Breakthrough material opens door to remote-activated pills for healthcare
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Electronic pills and drug implants that can be activated remotely could be closer to reality with the discovery of a new material that uses electrical signals to capture and release biomolecules.
Developed by researchers from Chalmers University in Sweden, the material is a polymer surface that changes state from capturing to releasing biomolecules when an electric pulse is introduced.
The material also functions in biological fluids with a buffering capacity, in other words fluids with the ability to counteract changes in the pH value. This property paves the way for the creation of a new technique for implants and electronic 'pills' that release the medicine into the body via electronic activation.
“You can imagine a doctor, or a computer program, measuring the need for a new dose of medicine in a patient, and a remote-controlled signal activating the release of the drug from the implant located in the very tissue or organ where it’s needed,” said Gustav Ferrand-Drake del Castillo, lead author on the study.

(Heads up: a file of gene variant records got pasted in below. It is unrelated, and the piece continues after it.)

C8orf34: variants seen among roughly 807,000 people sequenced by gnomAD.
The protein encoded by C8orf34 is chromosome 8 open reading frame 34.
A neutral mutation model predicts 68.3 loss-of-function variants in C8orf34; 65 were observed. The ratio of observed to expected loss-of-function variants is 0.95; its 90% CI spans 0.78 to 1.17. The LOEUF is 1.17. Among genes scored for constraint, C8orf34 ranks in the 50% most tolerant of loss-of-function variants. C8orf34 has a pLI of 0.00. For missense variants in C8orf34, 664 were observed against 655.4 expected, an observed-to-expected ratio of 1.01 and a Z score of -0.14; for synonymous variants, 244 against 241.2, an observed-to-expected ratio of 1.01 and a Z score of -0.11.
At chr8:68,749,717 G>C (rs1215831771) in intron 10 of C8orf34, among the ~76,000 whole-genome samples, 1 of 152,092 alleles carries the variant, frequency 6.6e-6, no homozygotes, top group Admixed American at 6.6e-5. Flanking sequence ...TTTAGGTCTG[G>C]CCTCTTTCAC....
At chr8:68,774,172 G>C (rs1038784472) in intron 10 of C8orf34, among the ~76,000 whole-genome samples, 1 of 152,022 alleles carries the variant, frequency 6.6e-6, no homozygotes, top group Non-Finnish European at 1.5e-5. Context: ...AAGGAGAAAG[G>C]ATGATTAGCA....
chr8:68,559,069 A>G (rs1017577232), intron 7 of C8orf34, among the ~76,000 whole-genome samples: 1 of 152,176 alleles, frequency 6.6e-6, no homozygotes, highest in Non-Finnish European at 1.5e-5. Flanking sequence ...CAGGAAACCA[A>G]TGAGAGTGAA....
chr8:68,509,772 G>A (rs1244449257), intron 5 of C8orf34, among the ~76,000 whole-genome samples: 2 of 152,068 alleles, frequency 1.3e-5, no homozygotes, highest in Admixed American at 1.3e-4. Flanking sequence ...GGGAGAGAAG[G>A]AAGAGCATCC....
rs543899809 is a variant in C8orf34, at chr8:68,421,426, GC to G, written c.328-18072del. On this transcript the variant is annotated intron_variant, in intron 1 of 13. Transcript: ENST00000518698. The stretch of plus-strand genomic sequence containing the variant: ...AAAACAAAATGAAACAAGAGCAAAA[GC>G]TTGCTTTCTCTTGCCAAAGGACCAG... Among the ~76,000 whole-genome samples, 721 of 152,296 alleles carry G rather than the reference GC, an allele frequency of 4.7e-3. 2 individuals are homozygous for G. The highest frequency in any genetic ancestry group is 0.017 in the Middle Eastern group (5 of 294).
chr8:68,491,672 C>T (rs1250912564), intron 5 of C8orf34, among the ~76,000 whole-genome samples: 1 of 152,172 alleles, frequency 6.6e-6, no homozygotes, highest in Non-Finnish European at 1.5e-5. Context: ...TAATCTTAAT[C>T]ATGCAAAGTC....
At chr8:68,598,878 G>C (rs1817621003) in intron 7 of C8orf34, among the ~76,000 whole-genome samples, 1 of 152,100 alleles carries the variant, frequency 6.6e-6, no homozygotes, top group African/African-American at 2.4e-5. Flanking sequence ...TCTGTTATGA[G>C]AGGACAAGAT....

Locally activated drug release is available today in the form of materials that change their state in the event of a change in the surrounding chemical environment. For example, tablets of pH-sensitive material are produced where you want to control the release of a drug in the gastrointestinal tract, which is an environment with natural variations in pH value. But in most of the body’s tissues there are no changes in pH value or other chemical parameters.
“Being able to control the release and uptake of proteins in the body with minimal surgical interventions and without needle injections is, we believe, a unique and useful property. The development of electronic implants is only one of several conceivable applications that are many years into the future. Research that helps us to link electronics with biology at a molecular level is an important piece of the puzzle in such a direction,” said del Castillo.
Another advantage of the new method is that it does not require large amounts of energy. The low power consumption is due to the fact that the depth of the polymer on the surface of the electrode is very thin, on the nanometre scale, which means that the surface reacts immediately to small electrochemical signals.
“Electronics in biological environments is often limited by the size of the battery and the moving mechanical parts. Activation at a molecular level reduces both the energy requirement and the need for moving parts,” del Castillo added.
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